Medieval Writing
Ordinary Cursive Hand

Script Type : minuscule cursive

Alternative Name : cursiva anglicana

Date : 15th century

Location : England

Function : letter or document hand

This is a segment from a petition (National Archives, London E.28/76/31) of 1445-6, written in what can only be described as an ordinary cursive hand. The petition, from one Richard Mountfort, complains that one Thomas Burdette has made several attempts upon his life. By permission of the National Archives.  
Pass cursor over letters to see enlarged examples taken from the page illustrated above.  
Distinctive letters : This example shows that, in relation to the reading of old handwriting, letter forms can be the least of your problems. This petition to the crown is not written in the neat bastarda style of the 15th century chancery, but in an untidy cursive hand. The letter forms mostly resemble those of the cursiva anglicana that had been common enough during the 14th century. However, in reading it one has to contend with spelling that is even more eccentric than the usual Middle English, which at least is usually phonetic to some degree. This is downright weird. The handwriting is spread out in some places and cramped up in others. There are corrections made by the untidy procedure of simply crossing out and rewriting above. The writer has also not used one of the standard forms of words for petitions which helps you get your eye in.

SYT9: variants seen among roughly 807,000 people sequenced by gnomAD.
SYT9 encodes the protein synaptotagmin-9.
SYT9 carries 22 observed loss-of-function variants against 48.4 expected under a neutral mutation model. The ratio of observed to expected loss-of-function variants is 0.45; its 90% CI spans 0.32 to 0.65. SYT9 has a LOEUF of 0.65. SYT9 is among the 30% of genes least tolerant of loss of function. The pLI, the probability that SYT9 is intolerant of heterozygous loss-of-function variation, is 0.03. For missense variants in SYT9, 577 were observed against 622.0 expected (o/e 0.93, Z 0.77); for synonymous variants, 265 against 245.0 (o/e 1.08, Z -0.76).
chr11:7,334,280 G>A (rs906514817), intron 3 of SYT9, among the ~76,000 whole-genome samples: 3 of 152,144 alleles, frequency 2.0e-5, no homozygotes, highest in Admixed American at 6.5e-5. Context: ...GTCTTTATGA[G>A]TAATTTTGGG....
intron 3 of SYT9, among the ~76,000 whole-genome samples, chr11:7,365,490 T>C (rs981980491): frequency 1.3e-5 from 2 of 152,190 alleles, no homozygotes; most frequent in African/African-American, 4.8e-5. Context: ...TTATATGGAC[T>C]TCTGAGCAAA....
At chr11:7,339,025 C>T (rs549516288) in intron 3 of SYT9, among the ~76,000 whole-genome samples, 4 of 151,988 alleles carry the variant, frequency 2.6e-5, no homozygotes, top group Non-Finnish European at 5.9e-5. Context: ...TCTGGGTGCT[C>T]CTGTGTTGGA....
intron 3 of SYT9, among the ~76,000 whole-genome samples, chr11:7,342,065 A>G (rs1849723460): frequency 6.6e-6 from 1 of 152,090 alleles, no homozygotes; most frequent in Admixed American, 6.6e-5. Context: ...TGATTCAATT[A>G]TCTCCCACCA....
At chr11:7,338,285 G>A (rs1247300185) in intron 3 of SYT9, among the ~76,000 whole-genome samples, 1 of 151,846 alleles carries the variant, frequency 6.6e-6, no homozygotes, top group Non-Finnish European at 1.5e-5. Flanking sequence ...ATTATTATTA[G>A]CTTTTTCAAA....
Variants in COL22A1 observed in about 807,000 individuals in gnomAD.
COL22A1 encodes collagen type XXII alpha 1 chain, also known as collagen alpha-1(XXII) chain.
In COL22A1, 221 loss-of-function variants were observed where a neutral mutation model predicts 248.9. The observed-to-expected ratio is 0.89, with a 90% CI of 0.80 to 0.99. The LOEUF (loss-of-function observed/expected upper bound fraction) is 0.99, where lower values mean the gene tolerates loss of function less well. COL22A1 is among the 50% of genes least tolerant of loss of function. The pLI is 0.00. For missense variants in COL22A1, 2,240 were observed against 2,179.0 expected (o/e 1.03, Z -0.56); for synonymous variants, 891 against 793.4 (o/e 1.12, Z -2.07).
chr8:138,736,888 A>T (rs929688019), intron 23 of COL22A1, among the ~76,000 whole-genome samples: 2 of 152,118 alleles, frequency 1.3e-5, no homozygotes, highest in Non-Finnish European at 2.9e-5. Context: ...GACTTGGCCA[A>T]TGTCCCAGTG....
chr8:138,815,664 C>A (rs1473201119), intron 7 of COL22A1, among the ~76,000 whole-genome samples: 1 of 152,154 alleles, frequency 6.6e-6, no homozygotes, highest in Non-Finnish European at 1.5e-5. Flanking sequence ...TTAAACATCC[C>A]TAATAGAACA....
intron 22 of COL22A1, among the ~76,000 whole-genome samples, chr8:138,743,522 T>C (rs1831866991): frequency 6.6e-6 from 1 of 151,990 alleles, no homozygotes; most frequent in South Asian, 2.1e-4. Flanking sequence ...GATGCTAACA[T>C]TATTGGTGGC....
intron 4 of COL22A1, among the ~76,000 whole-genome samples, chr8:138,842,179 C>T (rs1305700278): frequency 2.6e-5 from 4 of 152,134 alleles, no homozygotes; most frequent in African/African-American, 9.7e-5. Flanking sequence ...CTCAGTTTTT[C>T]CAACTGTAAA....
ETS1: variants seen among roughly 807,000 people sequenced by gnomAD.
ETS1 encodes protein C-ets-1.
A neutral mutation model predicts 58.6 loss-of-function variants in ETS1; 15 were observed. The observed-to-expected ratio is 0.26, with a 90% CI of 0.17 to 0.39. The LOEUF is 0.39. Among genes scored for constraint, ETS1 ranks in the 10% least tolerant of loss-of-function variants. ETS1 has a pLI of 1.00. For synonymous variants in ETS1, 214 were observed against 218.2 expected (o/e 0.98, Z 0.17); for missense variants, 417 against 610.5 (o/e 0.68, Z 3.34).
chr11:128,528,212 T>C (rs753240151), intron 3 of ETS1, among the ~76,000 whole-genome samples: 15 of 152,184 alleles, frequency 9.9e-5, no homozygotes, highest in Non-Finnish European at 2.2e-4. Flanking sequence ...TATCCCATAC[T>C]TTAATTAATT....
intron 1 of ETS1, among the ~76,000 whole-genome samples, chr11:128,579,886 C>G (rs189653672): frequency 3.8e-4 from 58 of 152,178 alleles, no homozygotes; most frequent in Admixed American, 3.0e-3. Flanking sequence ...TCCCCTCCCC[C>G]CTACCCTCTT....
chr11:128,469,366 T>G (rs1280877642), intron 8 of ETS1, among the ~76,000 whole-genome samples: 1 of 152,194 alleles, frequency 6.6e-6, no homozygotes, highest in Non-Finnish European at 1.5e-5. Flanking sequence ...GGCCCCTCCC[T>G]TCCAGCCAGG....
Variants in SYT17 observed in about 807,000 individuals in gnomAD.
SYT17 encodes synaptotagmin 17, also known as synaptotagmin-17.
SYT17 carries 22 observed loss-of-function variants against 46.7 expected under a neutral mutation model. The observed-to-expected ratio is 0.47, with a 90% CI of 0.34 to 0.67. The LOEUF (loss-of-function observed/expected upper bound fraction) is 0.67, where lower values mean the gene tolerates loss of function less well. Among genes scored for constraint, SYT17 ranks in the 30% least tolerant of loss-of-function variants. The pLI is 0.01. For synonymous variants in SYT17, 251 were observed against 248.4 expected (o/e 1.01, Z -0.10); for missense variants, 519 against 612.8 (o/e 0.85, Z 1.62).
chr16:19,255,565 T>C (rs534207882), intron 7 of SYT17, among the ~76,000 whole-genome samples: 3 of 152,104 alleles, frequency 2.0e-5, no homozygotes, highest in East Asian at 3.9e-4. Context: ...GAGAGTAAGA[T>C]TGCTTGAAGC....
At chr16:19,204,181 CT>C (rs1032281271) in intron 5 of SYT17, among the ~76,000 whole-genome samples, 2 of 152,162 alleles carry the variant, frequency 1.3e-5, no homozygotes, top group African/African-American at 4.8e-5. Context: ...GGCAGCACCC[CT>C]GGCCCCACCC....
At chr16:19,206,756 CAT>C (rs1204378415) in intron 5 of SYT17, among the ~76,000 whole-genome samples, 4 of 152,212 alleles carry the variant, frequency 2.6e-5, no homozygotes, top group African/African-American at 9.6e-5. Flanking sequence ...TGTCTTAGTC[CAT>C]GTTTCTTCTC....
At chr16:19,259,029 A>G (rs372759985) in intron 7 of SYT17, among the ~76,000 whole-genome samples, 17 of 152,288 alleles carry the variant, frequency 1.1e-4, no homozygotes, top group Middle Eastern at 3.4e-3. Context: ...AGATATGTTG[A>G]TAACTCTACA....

Letters with ascenders and descenders, such as b, d, h, l, g or y tend to be loopy. The letter e gives the impression of being written back to front. There are three separate forms of r and two of s. The letter w, while slightly enlarged compared to other letters, does not have the intricate elaborations sometimes found in cursive hands. The letters n and u are indistinguishable, while v is also the same when it occurs within a word, which really helps when the spelling is so eccentric. The letter j is identical to i. The thorn character, which resembles a y but represents th, is here used only in abbreviations and even so it is randomly transformed into a y.

There are no examples of q or x, but z does appear, and in the most unexpected places.

Pass the cursor along the lines of text for a bit of an idea. If you want to follow the whole violent saga, you will have to go to the paleography exercises.

The image on this page has been upgraded from a scan of an old photocopy to a digital colour image downoaded from the National Archives, London. I'm not sure that it is any easier to read, but you get the whole grungy reality.

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This site is created and maintained by Dr Dianne Tillotson, freelance researcher and compulsive multimedia and web author. Comments are welcome. Material on this web site is copyright, but some parts more so than others. Please check here for copyright status and usage before you start making free with it. This page last modified 3/6/2008.